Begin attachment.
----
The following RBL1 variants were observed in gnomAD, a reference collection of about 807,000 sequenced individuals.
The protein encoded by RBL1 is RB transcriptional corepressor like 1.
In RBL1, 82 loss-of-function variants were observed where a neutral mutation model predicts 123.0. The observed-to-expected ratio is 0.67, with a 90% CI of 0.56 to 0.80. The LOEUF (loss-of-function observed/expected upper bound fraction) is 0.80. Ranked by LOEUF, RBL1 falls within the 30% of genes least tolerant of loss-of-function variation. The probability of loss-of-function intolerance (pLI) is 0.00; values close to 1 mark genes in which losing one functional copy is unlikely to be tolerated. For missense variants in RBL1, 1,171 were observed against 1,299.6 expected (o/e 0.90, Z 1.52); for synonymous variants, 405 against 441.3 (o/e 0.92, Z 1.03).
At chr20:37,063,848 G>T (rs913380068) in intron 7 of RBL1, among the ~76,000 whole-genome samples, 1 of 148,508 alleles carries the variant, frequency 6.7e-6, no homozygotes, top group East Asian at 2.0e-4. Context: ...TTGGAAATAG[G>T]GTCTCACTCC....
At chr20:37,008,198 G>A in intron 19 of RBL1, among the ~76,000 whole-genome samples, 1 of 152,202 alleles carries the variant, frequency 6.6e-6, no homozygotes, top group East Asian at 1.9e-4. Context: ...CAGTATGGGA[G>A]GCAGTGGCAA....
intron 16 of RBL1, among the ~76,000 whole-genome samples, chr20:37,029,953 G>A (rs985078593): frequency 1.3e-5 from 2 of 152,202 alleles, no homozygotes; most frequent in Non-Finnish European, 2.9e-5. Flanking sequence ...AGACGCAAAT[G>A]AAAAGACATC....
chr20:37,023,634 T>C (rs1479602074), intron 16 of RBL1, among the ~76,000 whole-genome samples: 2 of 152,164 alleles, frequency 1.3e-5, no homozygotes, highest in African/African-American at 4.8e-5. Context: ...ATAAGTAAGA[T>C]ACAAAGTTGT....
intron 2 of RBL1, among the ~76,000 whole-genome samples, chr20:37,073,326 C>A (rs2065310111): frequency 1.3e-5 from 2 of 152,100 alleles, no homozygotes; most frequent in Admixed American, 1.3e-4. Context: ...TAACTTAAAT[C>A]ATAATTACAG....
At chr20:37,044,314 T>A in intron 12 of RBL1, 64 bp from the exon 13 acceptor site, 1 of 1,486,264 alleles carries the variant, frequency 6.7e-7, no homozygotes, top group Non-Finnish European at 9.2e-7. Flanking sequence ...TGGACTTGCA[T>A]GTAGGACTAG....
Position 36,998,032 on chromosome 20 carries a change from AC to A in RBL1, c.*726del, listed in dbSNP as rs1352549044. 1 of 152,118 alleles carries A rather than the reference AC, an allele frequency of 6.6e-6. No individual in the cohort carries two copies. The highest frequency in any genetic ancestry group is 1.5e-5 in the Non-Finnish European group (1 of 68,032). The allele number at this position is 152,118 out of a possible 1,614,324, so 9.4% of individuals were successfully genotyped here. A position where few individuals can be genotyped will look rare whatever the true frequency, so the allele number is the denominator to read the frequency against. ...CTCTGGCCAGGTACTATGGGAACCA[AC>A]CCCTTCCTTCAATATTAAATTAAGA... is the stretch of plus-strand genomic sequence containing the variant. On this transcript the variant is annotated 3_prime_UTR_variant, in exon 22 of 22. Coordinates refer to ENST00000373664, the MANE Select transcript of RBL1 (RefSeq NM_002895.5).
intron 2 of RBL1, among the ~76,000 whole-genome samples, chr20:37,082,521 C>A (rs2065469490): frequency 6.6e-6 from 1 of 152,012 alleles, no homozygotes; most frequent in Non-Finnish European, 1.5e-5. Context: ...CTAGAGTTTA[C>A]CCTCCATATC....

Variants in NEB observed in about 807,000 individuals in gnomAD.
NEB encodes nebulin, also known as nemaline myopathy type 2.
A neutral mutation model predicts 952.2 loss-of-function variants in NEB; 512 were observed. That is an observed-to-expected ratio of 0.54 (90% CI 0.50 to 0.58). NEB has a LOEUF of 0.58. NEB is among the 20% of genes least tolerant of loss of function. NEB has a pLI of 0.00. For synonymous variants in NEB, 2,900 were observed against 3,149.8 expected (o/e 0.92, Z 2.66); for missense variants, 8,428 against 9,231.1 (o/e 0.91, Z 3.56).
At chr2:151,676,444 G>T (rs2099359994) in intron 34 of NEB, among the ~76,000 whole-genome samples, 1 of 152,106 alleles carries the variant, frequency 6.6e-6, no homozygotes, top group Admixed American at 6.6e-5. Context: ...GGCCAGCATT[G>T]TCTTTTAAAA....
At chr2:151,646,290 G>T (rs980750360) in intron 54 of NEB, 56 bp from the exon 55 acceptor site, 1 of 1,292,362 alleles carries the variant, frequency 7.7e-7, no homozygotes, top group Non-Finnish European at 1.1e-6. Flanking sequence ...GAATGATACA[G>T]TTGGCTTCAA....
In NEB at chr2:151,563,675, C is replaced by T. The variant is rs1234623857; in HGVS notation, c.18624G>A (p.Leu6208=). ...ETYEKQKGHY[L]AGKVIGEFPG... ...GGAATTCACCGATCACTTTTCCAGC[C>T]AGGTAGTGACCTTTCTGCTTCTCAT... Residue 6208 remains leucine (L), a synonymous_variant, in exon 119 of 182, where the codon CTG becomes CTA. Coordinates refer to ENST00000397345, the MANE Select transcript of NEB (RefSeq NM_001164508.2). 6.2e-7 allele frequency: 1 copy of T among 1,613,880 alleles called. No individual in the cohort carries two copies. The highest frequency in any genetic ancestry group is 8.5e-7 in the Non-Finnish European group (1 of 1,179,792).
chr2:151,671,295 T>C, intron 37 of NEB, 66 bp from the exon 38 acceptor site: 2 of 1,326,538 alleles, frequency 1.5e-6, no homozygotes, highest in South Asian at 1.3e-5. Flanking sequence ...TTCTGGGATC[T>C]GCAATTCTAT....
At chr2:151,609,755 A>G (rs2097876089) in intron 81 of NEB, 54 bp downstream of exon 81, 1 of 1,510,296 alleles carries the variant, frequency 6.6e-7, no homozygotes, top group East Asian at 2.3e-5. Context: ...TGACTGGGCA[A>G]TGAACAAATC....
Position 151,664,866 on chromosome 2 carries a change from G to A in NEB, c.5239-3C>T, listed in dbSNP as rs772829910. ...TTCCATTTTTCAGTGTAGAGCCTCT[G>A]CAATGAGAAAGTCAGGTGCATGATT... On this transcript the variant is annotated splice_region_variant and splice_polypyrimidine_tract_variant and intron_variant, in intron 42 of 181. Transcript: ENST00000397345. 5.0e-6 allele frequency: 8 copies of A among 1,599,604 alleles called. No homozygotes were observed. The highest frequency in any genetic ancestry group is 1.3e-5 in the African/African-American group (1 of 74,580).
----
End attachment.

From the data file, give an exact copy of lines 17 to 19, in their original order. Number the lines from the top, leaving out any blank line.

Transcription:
In NEB at chr2:151,563,675, C is replaced by T. The variant is rs1234623857; in HGVS notation, c.18624G>A (p.Leu6208=). ...ETYEKQKGHY[L]AGKVIGEFPG... ...GGAATTCACCGATCACTTTTCCAGC[C>T]AGGTAGTGACCTTTCTGCTTCTCAT... Residue 6208 remains leucine (L), a synonymous_variant, in exon 119 of 182, where the codon CTG becomes CTA. Coordinates refer to ENST00000397345, the MANE Select transcript of NEB (RefSeq NM_001164508.2). 6.2e-7 allele frequency: 1 copy of T among 1,613,880 alleles called. No individual in the cohort carries two copies. The highest frequency in any genetic ancestry group is 8.5e-7 in the Non-Finnish European group (1 of 1,179,792).
chr2:151,671,295 T>C, intron 37 of NEB, 66 bp from the exon 38 acceptor site: 2 of 1,326,538 alleles, frequency 1.5e-6, no homozygotes, highest in South Asian at 1.3e-5. Flanking sequence ...TTCTGGGATC[T>C]GCAATTCTAT....
At chr2:151,609,755 A>G (rs2097876089) in intron 81 of NEB, 54 bp downstream of exon 81, 1 of 1,510,296 alleles carries the variant, frequency 6.6e-7, no homozygotes, top group East Asian at 2.3e-5. Context: ...TGACTGGGCA[A>G]TGAACAAATC....